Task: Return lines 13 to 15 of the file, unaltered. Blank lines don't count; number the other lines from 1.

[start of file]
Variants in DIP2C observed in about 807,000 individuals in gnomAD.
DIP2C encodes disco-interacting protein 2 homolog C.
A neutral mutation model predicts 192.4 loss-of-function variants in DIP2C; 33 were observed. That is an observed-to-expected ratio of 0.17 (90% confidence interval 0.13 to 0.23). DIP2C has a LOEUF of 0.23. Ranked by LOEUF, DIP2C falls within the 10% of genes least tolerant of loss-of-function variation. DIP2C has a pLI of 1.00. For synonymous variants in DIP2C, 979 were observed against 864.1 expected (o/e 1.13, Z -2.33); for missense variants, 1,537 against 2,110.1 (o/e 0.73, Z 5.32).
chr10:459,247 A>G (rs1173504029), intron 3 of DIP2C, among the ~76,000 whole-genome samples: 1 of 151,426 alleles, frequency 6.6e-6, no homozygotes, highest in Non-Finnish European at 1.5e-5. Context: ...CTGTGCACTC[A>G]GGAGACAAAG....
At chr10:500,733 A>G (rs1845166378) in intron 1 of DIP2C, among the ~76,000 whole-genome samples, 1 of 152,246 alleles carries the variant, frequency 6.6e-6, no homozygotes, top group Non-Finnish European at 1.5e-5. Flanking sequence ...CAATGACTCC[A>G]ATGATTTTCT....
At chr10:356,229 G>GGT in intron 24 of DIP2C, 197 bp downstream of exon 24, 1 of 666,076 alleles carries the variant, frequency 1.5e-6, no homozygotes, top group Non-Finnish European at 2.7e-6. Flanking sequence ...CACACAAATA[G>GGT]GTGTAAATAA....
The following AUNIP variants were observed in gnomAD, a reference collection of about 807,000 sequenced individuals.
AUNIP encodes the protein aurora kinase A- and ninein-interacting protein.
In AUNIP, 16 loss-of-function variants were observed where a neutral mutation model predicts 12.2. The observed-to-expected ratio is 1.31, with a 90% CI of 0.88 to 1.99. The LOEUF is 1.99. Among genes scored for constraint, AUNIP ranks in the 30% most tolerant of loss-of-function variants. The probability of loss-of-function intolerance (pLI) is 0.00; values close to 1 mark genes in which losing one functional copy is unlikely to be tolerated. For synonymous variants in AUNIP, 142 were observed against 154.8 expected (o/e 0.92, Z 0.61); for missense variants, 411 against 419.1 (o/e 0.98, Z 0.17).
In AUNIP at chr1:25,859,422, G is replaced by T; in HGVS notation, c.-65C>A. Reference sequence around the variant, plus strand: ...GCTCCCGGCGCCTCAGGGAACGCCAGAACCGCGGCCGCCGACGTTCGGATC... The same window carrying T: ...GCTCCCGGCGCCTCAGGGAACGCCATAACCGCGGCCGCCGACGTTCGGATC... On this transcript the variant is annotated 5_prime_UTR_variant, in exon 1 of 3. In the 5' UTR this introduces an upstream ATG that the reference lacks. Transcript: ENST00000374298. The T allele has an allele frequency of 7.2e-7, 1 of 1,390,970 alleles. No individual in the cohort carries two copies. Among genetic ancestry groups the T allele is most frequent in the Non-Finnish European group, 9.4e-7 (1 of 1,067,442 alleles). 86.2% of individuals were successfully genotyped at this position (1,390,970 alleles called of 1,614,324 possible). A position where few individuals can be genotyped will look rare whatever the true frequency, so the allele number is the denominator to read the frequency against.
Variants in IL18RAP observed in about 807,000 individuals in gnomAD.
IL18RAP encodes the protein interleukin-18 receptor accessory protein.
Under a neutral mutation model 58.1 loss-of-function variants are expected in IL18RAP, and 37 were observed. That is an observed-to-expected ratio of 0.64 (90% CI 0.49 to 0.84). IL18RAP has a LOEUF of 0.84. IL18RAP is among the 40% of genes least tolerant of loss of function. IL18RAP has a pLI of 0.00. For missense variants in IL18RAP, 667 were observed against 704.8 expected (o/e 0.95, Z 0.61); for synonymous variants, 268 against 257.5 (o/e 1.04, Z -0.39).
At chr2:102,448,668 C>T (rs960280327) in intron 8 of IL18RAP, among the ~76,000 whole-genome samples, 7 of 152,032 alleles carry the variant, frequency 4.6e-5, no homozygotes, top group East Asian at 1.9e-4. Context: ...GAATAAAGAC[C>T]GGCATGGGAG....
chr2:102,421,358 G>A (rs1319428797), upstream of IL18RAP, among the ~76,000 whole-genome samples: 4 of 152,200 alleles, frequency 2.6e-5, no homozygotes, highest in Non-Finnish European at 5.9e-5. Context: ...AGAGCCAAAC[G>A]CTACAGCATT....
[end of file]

Under a neutral mutation model 58.1 loss-of-function variants are expected in IL18RAP, and 37 were observed. That is an observed-to-expected ratio of 0.64 (90% CI 0.49 to 0.84). IL18RAP has a LOEUF of 0.84. IL18RAP is among the 40% of genes least tolerant of loss of function. IL18RAP has a pLI of 0.00. For missense variants in IL18RAP, 667 were observed against 704.8 expected (o/e 0.95, Z 0.61); for synonymous variants, 268 against 257.5 (o/e 1.04, Z -0.39).
At chr2:102,448,668 C>T (rs960280327) in intron 8 of IL18RAP, among the ~76,000 whole-genome samples, 7 of 152,032 alleles carry the variant, frequency 4.6e-5, no homozygotes, top group East Asian at 1.9e-4. Context: ...GAATAAAGAC[C>T]GGCATGGGAG....
chr2:102,421,358 G>A (rs1319428797), upstream of IL18RAP, among the ~76,000 whole-genome samples: 4 of 152,200 alleles, frequency 2.6e-5, no homozygotes, highest in Non-Finnish European at 5.9e-5. Context: ...AGAGCCAAAC[G>A]CTACAGCATT....